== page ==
The Mets are among the clubs that have contacted the White Sox regarding Liam Hendriks, reports Michael Mayer of Metsmerized (Twitter link). Reports emerged a couple weeks ago that Chicago had been discussing their star closer with other teams, though the identity of those clubs wasn’t clear.
Certainly, the Mets aren’t the only team that’d be interested in prying Hendriks from Chicago. The 33-year-old is one of the sport’s top late-game weapons. Hendriks broke out with the A’s in 2019, tossing 85 frames with a 1.80 ERA to secure his first All-Star selection. He’d surely have earned another had there been a Midsummer Classic in 2020, as he finished ninth in AL Cy Young balloting during the abbreviated season thanks to a 1.78 mark through 25 1/3 frames.
After that season, the right-hander made the move to Chicago. Hendriks inked a $54MM guarantee with the White Sox, with Chicago gambling he’d maintain his late-career breakout form. He’s done just that, posting a 2.66 ERA over 127 frames with the Sox. After posting a 2.54 ERA in year one, he followed up with a 2.81 mark through 57 2/3 innings this past season. Hendriks earned All-Star selections in both seasons and struck out an excellent 36.2% of batters faced in 2022. He missed a few weeks in the middle of the year with a forearm strain — an alarming-sounding diagnosis for a pitcher — but he returned seemingly no worse for wear, striking out 35.4% of opponents while sitting north of 97 MPH on his heater in the second half.
Any contender looking for bullpen help could check in with Chicago general manager Rick Hahn. Hendriks would be an impact addition to the late innings for any club, and the Mets are no exception. New York has one of the handful of relievers who might be better than Hendriks to pitch the ninth inning after re-signing Edwin Díaz to a five-year free agent contract. They agreed to terms with Adam Ottavino on a two-year deal this afternoon, and they’ve also brought in David Robertson from outside the organization. The Mets don’t necessarily need more bullpen help, but they’ve shown no qualms about going after high-end talent no matter the cost.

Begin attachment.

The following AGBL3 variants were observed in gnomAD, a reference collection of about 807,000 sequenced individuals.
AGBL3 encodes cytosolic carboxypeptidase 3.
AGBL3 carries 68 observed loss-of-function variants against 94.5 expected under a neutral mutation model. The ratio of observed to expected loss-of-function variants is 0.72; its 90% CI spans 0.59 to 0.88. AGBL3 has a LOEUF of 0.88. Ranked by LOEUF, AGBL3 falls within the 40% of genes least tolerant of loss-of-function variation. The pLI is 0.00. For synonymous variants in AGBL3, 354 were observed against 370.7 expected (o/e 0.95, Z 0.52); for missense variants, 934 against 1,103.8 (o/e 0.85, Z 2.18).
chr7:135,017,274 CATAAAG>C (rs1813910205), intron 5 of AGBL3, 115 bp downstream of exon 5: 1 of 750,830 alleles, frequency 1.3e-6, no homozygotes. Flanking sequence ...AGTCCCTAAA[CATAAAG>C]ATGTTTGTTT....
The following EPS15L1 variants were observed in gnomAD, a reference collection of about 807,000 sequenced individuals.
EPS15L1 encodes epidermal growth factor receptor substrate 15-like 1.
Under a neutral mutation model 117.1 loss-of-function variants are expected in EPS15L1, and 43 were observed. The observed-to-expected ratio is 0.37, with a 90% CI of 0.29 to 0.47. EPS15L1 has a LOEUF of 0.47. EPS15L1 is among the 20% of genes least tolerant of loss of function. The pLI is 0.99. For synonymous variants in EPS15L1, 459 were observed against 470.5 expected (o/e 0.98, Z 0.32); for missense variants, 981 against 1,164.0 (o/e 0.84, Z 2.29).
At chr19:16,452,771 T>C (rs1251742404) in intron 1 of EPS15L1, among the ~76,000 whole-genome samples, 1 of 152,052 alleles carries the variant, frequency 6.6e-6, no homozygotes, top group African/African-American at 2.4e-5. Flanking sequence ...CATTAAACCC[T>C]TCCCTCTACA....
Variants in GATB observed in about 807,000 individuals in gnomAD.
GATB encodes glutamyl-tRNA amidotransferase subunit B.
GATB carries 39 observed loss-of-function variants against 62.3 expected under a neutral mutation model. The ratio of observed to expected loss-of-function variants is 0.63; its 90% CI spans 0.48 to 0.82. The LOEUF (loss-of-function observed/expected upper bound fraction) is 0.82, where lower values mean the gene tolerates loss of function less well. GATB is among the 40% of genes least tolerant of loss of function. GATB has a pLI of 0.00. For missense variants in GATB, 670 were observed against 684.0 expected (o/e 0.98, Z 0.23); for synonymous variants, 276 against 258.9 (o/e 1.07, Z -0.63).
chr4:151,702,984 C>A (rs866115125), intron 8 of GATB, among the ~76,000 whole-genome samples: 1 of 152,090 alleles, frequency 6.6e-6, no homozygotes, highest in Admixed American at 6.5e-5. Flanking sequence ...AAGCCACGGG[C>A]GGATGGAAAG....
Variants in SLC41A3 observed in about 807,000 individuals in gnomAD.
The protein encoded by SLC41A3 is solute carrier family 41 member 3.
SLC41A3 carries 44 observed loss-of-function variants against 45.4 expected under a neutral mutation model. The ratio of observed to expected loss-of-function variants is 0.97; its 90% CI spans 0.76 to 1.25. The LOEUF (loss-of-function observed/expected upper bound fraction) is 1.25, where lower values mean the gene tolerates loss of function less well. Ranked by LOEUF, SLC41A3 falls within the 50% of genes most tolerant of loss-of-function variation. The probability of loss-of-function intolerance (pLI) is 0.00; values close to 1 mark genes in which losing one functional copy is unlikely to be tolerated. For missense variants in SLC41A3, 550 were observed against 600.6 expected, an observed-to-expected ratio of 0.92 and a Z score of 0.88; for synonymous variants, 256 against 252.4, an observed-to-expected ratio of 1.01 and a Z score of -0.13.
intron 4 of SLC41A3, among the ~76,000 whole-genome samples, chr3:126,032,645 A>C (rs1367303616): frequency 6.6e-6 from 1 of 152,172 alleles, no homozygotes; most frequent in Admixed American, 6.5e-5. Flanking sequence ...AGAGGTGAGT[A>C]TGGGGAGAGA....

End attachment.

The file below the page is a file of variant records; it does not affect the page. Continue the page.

That’s reflected in their astronomical spending, the likes of which MLB has never seen before. New York has a 2023 player payroll projected by Roster Resource around $351MM. Their luxury tax number sits around $363MM, a staggering $130MM higher than next year’s base tax threshold. That lines them up for a projected tax bill of $92.4MM, which would put their total player spending around $443.4MM.
Additional pickups would obviously add to that figure. Hendriks is guaranteed $14MM in 2023, and his contract contains a $15MM club option for the ’24 season. That comes with a matching $15MM buyout, which would be distributed in $1.5MM installments through 2033. That’d be a small benefit, but the only incentive for the White Sox not to exercise the option would be if Hendriks suffers an injury that takes him out of action for most or all of the 2024 campaign or has such a dramatic drop in performance his spot on the roster would be in jeopardy.
If Hendriks is traded, that option vests. Hendriks would then be guaranteed $29MM over the next two seasons. Matt Gelb of the Athletic has previously reported that under the new CBA, for luxury tax purposes, traded players on multi-year contracts see the average annual value of their deal recalculated at the time of the trade. In Hendriks’ case, he’d be pegged at $29MM over two years — a $14.5MM AAV for an acquiring team. If not traded, his deal counts for $18MM against the White Sox’s tax ledger in 2023, as it was technically a three-year, $54MM guarantee at signing.
For the Mets, taking on a $14.5MM AAV would come with an additional $13.05MM in taxes, as they’re taxed at a 90% clip on all future spending. Topping $27MM in actual money annually for a reliever is something virtually no other team would do, but New York seemingly can’t be counted out of any move at this point.
Of course, there’s no indication the Mets and White Sox have made much or any progress. To this point, the exercise is mostly theoretical. New York would face plenty of competition if the Sox commit to moving Hendriks, who’s better than any available free agent reliever. Chicago could certainly elect to hang onto him entirely, since they’re working to rebound from an 81-81 showing to compete in the AL Central. The White Sox agreed to terms with Andrew Benintendi on a five-year, $75MM deal last week. If his salaries are evenly distributed, that’d push their projected payroll to $193MM, which would be right in line with this past season’s franchise-record mark.